End-of-Life Care and Pragmatic Decision Making provides a pragmatic philosophical framework based on a radically empirical attitude toward life and death. D. Micah Hester takes seriously the complexities of experiences and argues that when making end-of-life decisions healthcare providers ought to pay close attention to the narratives of patients and the communities they inhabit so that their dying processes embody their life stories. He discusses three types of end-of-life patient populations - adults with decision-making capacity, adult without capacity, and children (with a strong focus on infants) - to show the implications of pragmatic empiricism and the scope of decision making at the end of life for different types of patients.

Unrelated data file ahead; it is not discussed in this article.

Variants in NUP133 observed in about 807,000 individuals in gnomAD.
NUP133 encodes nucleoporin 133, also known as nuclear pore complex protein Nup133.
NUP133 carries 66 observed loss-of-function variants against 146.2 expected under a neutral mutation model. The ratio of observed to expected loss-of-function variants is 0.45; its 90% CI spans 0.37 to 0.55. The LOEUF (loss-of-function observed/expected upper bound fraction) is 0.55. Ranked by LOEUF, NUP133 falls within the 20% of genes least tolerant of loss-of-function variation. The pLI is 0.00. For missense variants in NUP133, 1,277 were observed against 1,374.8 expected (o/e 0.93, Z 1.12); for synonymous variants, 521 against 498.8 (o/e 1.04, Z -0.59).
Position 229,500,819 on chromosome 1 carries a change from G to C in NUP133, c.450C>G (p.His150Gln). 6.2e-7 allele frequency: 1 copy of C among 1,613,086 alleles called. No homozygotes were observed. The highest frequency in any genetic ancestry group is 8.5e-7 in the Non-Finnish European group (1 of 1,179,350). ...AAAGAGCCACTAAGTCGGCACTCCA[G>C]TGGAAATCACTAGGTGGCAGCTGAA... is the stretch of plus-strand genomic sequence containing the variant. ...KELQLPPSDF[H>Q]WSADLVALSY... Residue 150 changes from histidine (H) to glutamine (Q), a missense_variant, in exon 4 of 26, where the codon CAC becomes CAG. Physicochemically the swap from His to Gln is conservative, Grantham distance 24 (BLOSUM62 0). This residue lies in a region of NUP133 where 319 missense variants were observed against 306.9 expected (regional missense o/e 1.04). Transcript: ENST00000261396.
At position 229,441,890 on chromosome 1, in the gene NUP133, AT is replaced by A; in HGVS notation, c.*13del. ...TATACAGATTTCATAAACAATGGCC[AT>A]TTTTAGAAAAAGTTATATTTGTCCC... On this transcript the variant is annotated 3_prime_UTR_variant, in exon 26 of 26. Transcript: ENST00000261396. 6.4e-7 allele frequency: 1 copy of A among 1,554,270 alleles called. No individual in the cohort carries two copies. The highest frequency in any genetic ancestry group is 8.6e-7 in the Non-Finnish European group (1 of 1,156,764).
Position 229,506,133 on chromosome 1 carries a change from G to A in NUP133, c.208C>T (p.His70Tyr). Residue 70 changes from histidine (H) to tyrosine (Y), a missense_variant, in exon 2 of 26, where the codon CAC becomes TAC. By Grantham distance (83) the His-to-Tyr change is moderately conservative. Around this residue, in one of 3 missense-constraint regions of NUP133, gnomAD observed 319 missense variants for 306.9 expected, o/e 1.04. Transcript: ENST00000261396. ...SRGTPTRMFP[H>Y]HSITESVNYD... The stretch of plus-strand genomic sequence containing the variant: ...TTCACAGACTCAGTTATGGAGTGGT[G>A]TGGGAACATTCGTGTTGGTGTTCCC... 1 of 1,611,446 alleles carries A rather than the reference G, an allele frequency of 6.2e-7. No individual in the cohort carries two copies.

About the Author
D. Micah Hester is Associate Director of the Division of Medical Humanities and Associate Professor of Medical Humanities and Pediatrics at the University of Arkansas Medical System, as well as clinical ethicist at Arkansas Children's Hospital. The author and editor of eight books and numerous journal articles, he coordinates the Pediatric Ethics Consortium as well as the Pediatric Ethics Affinity Group of the American Society for Bioethics and Humanities.